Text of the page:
New York State regulators have opened an investigation into the title insurance industry, seeking information from agencies across the state about how these firms operate, The Real Deal has learned.
The New York State Department of Financial Services has served at least 25 — but perhaps as many as 100 — title agents with subpoenas ordering them to produce documents, multiple sources within the industry said. The agency, which regulates financial and insurance firms throughout New York, served the subpoenas in two batches throughout February. (The New York Times previously noted that the DFS had sent out subpoenas.)
The subpoenas are seeking “detailed information” about title agencies’ corporate structure and fee schedules, as well as documents showing expenditures and other financing information, according to a title insurance source familiar with the situation.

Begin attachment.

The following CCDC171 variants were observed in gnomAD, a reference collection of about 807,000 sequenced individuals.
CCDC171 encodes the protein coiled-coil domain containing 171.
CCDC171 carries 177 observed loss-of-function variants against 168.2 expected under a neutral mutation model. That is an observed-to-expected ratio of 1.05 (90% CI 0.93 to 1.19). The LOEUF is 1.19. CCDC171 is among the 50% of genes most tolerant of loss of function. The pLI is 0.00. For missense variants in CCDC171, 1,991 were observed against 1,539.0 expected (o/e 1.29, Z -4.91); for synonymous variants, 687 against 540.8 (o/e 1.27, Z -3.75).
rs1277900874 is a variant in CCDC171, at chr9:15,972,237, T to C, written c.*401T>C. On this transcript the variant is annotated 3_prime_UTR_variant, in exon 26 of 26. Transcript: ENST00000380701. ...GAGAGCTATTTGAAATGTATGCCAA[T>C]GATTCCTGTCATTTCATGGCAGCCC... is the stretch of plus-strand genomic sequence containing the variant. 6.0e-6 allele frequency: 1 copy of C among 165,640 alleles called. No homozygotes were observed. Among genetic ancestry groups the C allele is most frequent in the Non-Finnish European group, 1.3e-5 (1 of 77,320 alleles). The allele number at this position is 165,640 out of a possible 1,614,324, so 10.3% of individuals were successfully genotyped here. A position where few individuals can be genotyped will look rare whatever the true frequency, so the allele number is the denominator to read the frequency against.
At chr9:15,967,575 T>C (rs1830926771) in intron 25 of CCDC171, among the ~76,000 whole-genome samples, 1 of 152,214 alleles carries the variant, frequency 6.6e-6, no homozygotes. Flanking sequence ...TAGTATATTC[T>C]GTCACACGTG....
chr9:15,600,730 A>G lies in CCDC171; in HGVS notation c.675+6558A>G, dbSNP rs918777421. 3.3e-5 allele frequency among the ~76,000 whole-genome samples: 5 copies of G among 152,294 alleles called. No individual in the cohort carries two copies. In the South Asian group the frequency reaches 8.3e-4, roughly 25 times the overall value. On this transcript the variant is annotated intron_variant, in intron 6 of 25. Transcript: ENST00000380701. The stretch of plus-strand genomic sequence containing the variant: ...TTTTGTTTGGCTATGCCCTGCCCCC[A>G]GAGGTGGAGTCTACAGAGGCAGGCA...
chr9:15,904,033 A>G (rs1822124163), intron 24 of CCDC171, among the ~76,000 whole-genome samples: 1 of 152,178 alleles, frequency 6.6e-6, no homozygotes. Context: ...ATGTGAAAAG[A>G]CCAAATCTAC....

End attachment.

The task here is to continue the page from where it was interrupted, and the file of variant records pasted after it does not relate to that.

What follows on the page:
Title insurance is a type of coverage typically purchased when buying a home that protects the buyer against potential errors or liens on the title, or ownership, of the property. Just as many mortgage brokers and lenders have suffered in the wake of the housing crisis, title insurers have also struggled with falling revenues and hurdles in evaluating titles on foreclosed homes.
The specific focus of the probe is not clear, and a spokesperson for DFS declined to comment on the investigation.
However, the source close to the situation speculated that it is connected to the recently-formed federal Consumer Financial Protection Bureau, which is taking a closer look into mortgage loans.
“[DFS] feels that this information is going to be helpful to them in determining how title agencies operate — what their expenses are and everything else,” the source said. “I’m assuming it’s for the purposes of consumer protection. They want to be sure that consumers aren’t being taken advantage of and what kind of costs and fees are involved.”